|A still from the video of my PFO closure.|
Click here to watch a video.
You can read the story about the procedure, including video, by following this link.
Now, the American Academy of Neurology says we should not routinely close the hole. Others disagree. Click on the link after reading this snippet on how AAN nixes routine PFO closure:
Patent foramen ovale (PFO) closure is not recommended as a routine therapy for patients with cryptogenic ischemic stroke, according to the American Academy of Neurology (AAN).
A systemic review of the literature for the Academy's stroke care guideline update published in Neurology turned up no stroke prevention benefit with the STARFlex PFO occluder compared with medical therapy alone ... .
With the Amplatzer, however, there was a decreased risk of recurrent stroke ... at the cost of more new-onset atrial fibrillation ... and a procedural complication risk of 3.4% ... .
Thus, "in rare circumstances, such as recurrent strokes despite adequate medical therapy with no other mechanism identified, clinicians may offer the Amplatzer PFO Occluder if it is available (Level C)," the guideline development subcommittee of the AAN wrote.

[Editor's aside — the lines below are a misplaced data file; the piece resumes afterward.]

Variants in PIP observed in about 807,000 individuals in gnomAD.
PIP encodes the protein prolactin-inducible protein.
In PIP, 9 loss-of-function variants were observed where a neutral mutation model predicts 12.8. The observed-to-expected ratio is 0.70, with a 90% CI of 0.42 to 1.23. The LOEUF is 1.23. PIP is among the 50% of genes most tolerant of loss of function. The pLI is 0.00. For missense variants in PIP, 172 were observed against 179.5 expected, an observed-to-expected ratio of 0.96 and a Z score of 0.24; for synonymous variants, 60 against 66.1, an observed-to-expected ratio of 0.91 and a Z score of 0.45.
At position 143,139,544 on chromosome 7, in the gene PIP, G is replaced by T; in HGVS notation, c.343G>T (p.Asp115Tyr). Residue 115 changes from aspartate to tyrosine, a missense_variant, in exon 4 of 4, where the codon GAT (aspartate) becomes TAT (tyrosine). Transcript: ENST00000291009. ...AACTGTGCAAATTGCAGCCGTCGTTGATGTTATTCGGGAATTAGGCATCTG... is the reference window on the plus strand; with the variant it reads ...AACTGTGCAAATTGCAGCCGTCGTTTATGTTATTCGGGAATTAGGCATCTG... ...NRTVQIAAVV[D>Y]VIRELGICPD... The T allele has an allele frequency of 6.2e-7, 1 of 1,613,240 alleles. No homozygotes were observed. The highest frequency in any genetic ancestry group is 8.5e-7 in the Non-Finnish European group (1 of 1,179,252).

Yet "this practice advisory is out of date," warned John Carroll, MD, of University of Colorado Hospital in Aurora, because the AAN did not have access to the latest 5-year data from the RESPECT trial. "The composition of the AAN group did not include one interventional cardiologist," he added. "In 2016 it is odd to have a proclamation about the value of a procedure without anyone on the group ever having performed the procedure."Bottom line: I waited for nine years before having the hole in my heart closed until it became clear that I had a real risk of a follow-up stroke. Talk with multiple professionals about your risks and your decision.
I'm convinced that my stroke risk is now down to the general population instead of a higher risk due to my PFO. But those decisions must be made individually.